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Residents, City Officials Want To Improve Fayetteville's Image

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FAYETTEVILLE — Fayetteville is constantly fighting the image of being a military town with strip joints and crime. Leaders hope learning more about the people who make a home there will help change minds.

Estell Wright has lived on Bain Drive in Fayetteville for half a century. The 81-year-old knew her house needed work. One day last month, dozens of people showed up to paint her house and fix her lights. They even brought her flowers.

"The Lord sent me a blessing to know I wasn't able to get my house painted and cared for," she says.

Operation Inasmuch did the work. The group started with members of Snyder Memorial Baptist Church. Six years later, it now includes several churches with people from all denominations and backgrounds.

"One of my hopes is Fayetteville will be known across the country as a place of origination for one of the most effective neighbors helping neighbors' problems," says Dr. David Crocker of Operation Inasmuch.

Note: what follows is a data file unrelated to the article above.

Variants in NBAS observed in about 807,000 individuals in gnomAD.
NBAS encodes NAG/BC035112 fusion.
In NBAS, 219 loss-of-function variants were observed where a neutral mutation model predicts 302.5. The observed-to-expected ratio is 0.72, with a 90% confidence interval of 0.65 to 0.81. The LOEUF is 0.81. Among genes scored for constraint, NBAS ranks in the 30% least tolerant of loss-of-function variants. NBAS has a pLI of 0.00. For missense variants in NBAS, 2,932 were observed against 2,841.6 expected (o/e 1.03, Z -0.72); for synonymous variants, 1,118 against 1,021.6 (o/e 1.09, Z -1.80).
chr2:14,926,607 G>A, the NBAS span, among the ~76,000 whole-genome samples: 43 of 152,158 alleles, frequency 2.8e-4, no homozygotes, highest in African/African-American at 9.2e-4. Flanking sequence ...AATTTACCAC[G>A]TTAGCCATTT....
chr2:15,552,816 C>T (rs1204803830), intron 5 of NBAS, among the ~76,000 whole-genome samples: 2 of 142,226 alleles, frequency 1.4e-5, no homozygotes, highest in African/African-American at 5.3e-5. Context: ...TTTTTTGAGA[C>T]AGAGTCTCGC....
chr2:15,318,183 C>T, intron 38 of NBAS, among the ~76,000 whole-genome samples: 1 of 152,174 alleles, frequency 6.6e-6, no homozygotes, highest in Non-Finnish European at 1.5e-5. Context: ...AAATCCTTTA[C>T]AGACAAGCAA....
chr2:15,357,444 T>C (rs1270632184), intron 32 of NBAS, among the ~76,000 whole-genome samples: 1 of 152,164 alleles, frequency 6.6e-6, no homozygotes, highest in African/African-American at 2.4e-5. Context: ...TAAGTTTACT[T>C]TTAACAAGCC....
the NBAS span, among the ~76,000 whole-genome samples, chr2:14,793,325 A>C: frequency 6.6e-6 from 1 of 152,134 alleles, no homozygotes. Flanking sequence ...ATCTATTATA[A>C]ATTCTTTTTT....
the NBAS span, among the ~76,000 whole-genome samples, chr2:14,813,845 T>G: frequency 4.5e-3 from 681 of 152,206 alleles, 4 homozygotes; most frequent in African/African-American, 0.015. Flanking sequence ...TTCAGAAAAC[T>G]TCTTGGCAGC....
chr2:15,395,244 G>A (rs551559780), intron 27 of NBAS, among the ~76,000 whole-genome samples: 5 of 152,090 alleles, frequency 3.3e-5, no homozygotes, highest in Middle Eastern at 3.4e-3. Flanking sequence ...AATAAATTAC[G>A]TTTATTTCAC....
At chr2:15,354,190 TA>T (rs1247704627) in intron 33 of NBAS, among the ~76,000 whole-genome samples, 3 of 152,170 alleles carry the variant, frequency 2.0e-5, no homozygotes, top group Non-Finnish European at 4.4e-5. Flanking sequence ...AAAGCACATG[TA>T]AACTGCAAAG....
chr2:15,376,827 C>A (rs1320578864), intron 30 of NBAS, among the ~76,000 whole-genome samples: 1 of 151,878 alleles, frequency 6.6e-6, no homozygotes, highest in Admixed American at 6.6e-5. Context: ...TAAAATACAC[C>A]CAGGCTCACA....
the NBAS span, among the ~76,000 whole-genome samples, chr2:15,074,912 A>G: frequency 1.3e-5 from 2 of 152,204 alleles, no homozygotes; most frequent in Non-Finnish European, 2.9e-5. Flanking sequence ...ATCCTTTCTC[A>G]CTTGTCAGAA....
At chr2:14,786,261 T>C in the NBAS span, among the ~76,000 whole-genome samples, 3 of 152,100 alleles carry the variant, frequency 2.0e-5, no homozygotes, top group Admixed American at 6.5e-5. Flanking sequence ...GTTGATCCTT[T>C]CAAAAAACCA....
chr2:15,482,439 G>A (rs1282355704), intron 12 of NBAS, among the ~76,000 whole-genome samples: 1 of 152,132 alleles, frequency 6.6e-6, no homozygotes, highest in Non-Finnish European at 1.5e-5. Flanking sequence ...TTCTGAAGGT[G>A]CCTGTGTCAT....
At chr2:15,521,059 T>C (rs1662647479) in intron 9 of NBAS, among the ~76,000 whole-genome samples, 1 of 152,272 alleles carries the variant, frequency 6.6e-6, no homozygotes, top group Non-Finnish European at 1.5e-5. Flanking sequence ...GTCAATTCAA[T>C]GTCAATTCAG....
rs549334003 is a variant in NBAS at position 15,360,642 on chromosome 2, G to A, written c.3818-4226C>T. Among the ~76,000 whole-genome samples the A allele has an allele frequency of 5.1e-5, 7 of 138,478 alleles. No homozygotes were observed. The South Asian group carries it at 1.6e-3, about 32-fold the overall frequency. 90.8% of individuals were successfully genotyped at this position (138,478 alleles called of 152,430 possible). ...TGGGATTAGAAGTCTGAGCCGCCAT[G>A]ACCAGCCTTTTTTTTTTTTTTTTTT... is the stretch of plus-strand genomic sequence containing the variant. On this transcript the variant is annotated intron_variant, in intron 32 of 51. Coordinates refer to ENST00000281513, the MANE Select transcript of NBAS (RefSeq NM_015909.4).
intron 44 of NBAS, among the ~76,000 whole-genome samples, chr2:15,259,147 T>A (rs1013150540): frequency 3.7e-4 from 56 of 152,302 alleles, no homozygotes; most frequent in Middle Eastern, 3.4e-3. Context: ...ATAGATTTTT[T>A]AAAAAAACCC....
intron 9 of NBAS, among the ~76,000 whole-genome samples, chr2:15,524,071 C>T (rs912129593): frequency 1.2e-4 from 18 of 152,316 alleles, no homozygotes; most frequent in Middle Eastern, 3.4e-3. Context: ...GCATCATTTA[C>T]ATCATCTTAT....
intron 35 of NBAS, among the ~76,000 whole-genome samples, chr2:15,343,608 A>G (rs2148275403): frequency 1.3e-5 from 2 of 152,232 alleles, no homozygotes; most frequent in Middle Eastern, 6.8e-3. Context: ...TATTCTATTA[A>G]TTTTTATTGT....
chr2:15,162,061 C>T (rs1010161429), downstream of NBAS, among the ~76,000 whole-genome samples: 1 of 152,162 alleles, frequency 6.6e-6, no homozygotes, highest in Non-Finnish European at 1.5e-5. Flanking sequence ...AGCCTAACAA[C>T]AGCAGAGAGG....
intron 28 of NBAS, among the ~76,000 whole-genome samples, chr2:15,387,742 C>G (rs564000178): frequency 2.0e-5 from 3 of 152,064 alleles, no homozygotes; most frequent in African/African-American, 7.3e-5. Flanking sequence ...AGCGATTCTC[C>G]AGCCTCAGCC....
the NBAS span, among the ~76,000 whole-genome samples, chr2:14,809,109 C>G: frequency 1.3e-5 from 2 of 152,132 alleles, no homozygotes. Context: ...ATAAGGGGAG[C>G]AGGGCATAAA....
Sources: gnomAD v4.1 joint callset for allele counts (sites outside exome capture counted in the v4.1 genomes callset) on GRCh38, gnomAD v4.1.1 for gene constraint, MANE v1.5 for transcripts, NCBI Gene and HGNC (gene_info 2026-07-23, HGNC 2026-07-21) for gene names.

Operation Inasmuch is one of three projects Fayetteville is using to show the heart of the people who live in the area. They hope it will convince the National Civic League to designate Fayetteville as the 2001 All-America City.

"I think part of our own community issue is the image of ourselves, so coming together and identifying projects is good for us," says city manager Roger Stancil.

Nearly 100 cities entered the national competition. This year is the first time Fayetteville has applied since 1985. The city won that year for improvements to the downtown area. The winner of this year's contest will be announced in June.

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